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Pakistan Defense Reorganization: Positive, Stabilizing Move to Enable Security After a Coalition Withdrawal

The extension on July 22, 2010, by Pakistan Prime Minister Raza Yousuf Gilani, of the service of Chief of Army Staff (COAS) Gen. Ashfaq Parvez Kayani by three years was not, as some Indian and Western analysts have said, a move which precipitates a possible return to politics by the Army, but the start of a process which in fact, stabilizes and improves the control of the Government and Armed Forces. Gen. Kayani had been due to retire on November 29, 2010.

Noted Indian analyst Indranil Banerjie, writing in the Asian Age on July 25, 2010, asked “Has Zardari Sanctioned Another Coup?”, noting that Pakistan Pres. Asif Ali Zardari had “just given a three-year extension to his Army chief ...”. He went on: “This is the just the second time in the history of Pakistan when such an extension has been granted by a civilian head of state”.

The reality, however, is that the “coup” has already taken place, but not by the military. Executive authority has already been almost totally removed from the Presidency and given to Parliament, and the Cabinet under the Prime Minister. Pres. Zardari’s power has thus been effectively removed. And it was Prime Minister Gilani who asked Gen. Kayani to stay in office to ensure that stability was enhanced in the anticipated difficult years ahead, as the US and other Coalition forces begin — in 2011 — withdrawing forces from neighboring Afghanistan.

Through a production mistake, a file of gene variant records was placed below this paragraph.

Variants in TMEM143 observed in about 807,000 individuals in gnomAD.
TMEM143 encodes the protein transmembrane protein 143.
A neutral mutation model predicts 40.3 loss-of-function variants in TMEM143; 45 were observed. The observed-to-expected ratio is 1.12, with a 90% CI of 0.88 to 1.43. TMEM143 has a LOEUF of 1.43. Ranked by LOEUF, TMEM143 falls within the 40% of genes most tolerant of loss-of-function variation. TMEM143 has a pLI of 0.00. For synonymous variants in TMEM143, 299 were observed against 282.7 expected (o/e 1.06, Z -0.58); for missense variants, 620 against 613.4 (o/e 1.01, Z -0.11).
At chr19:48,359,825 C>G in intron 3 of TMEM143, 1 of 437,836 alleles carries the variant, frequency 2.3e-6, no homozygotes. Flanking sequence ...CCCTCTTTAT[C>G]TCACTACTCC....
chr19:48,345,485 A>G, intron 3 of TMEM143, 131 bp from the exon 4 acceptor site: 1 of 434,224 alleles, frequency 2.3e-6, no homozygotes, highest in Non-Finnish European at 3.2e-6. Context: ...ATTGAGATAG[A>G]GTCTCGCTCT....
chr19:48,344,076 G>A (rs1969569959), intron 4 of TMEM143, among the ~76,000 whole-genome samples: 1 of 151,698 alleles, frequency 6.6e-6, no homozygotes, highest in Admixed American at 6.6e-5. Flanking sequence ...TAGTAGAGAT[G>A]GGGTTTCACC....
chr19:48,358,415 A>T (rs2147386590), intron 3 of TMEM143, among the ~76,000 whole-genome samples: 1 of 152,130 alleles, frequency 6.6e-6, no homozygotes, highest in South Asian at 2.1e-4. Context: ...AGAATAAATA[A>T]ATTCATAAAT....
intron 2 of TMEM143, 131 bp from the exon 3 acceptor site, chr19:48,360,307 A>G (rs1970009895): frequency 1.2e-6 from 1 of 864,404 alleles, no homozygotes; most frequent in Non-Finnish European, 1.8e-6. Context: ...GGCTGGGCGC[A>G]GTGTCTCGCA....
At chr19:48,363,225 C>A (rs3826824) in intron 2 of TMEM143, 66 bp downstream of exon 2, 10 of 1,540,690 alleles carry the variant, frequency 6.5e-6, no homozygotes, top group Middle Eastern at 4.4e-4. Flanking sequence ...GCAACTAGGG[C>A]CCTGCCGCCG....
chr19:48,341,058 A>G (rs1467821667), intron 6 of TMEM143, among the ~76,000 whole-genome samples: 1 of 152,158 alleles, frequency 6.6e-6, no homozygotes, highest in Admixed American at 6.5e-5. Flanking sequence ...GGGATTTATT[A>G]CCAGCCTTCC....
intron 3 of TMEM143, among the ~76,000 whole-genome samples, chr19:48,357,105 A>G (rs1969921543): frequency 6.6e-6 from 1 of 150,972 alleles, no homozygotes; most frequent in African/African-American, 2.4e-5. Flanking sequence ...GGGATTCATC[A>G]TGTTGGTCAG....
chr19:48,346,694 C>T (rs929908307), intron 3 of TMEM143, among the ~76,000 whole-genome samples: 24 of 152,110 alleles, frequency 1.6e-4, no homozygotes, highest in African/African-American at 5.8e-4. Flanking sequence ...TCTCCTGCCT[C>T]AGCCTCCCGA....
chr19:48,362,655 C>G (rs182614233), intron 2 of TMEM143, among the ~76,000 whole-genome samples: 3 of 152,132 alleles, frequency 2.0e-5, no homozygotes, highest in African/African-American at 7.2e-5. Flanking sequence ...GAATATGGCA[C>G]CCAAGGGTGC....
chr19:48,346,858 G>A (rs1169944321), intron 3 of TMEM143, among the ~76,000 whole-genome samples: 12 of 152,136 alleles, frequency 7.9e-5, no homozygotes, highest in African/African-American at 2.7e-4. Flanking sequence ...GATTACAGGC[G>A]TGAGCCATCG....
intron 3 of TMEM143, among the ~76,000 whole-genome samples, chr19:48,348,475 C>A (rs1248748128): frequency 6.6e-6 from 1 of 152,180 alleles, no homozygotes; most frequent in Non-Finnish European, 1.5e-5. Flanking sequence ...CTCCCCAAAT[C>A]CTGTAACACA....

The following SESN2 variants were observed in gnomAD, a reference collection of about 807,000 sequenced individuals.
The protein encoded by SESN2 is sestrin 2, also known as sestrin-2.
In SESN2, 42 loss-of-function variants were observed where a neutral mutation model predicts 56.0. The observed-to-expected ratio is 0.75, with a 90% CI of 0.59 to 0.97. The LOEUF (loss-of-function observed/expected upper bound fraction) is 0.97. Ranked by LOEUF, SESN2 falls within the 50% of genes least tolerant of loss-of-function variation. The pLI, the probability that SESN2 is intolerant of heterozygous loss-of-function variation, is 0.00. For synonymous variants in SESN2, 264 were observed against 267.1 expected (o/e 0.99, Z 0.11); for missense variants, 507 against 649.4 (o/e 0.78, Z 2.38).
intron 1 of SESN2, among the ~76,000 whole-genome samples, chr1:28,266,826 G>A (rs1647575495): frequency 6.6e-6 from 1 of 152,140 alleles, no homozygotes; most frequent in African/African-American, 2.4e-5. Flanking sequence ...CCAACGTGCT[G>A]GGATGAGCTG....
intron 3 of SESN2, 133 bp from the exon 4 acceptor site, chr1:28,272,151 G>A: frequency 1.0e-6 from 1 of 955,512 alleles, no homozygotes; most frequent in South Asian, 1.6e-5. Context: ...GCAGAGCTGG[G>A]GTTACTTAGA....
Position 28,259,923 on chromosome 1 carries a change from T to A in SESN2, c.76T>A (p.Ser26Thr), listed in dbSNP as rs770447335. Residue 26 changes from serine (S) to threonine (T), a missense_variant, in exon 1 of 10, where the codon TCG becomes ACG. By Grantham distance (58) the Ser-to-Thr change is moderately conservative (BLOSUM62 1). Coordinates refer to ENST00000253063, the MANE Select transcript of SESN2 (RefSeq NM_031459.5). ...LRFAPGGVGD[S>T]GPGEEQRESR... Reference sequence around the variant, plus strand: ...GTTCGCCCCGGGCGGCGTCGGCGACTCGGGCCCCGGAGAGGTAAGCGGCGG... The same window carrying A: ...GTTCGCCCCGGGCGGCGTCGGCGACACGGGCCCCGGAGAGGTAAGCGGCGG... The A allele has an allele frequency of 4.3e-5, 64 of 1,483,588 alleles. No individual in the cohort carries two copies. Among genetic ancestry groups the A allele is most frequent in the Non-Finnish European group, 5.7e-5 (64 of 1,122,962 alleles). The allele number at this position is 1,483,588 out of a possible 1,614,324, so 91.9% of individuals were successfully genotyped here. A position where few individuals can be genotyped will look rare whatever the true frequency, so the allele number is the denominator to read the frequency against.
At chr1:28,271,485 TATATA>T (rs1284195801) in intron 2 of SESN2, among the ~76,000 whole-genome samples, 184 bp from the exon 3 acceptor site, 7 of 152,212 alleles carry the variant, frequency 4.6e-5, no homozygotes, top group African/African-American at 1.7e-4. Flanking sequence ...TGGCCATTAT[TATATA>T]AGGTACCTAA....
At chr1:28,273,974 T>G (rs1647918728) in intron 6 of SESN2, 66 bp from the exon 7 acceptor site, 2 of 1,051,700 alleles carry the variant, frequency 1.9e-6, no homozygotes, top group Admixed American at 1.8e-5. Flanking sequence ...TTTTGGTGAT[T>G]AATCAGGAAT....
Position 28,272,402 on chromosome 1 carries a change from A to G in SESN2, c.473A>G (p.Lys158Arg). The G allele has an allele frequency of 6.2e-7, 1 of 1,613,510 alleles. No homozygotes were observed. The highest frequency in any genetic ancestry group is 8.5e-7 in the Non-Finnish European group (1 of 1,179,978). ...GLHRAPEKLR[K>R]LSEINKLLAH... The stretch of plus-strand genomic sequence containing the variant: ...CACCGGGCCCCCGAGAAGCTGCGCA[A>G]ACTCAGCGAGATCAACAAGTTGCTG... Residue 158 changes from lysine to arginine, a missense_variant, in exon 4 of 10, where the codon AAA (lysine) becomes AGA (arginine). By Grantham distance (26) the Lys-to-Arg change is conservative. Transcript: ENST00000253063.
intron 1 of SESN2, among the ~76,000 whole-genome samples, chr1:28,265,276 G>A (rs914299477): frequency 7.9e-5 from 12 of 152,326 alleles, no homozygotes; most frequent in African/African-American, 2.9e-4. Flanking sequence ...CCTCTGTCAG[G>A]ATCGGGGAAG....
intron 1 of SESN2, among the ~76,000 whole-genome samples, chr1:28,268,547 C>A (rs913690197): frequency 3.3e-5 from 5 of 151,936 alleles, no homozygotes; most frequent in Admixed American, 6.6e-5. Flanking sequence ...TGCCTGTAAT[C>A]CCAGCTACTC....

The withdrawal of most of the Coalition forces from Afghanistan — however it is disguised to the outside world (but not to the internal forces) — is expected to add dramatically to the security challenges facing Pakistan, and the Pakistan Government is preparing for this be restructuring the military for greater efficiency. The process has been, to this point, discreet. First, the highly-effective Director-General of the Inter-Services Intelligence (ISI), Lt.-Gen. Ahmad Shuja Pasha, on March 10, 2010, had his own term of office extended by Prime Minister Gilani.

At the time, in the March 15, 2010, report, this Service noted: “This presages the probable extension in office of Chief of Army Staff (COAS), Gen. Ashfaq Parvez Kayani, who became the Chief of Army Staff (COAS) of the Pakistan Army on November 28, 2007, under the Presidency of Pervez Musharraf. Gen Kayani has long had a friendship with, and professional faith in, Lt.-Gen. Pasha.” That report continued: “Gen. Tariq Majid, the Chairman of the Joint Chiefs of Staff Committee, was also scheduled to retire in 2010, and it is possible that this may be postponed, but it is possible — even probable — that his retirement will be allowed to happen on its normal rotation so as not to entirely block the promotions chain in the Armed Forces.”